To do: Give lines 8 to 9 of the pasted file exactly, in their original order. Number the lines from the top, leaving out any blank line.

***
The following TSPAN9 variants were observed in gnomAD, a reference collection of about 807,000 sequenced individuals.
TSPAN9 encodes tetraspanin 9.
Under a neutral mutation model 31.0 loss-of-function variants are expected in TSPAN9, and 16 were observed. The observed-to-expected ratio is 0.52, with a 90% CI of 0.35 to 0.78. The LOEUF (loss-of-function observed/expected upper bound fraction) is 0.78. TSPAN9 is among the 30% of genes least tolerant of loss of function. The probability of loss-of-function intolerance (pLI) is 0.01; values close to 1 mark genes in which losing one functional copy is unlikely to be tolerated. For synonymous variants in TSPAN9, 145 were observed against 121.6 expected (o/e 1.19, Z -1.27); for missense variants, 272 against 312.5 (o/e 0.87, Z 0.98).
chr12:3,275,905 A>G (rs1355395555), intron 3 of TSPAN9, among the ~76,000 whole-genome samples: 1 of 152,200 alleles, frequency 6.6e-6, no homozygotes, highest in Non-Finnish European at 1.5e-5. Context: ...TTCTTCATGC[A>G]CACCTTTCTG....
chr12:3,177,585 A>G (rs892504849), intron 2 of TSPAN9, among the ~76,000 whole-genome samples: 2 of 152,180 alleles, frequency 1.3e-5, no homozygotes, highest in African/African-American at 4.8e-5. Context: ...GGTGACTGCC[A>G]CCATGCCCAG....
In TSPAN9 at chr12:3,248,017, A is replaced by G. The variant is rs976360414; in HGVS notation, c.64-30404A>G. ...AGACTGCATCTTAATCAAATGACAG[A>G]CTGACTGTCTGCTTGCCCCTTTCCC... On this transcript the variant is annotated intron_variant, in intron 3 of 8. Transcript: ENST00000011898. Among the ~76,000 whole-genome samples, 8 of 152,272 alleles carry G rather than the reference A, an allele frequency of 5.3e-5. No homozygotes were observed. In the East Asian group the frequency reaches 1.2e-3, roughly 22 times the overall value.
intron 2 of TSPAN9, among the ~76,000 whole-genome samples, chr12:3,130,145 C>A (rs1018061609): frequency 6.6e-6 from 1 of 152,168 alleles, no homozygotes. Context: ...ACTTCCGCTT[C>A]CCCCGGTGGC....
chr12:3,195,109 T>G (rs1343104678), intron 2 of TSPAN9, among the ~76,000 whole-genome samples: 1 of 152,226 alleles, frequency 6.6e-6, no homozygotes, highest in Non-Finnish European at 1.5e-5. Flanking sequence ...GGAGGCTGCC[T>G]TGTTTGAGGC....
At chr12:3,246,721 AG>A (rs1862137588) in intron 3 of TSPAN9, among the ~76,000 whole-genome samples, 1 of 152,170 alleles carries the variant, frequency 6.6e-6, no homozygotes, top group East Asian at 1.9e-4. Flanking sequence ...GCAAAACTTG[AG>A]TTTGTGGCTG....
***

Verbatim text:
chr12:3,195,109 T>G (rs1343104678), intron 2 of TSPAN9, among the ~76,000 whole-genome samples: 1 of 152,226 alleles, frequency 6.6e-6, no homozygotes, highest in Non-Finnish European at 1.5e-5. Flanking sequence ...GGAGGCTGCC[T>G]TGTTTGAGGC....
At chr12:3,246,721 AG>A (rs1862137588) in intron 3 of TSPAN9, among the ~76,000 whole-genome samples, 1 of 152,170 alleles carries the variant, frequency 6.6e-6, no homozygotes, top group East Asian at 1.9e-4. Flanking sequence ...GCAAAACTTG[AG>A]TTTGTGGCTG....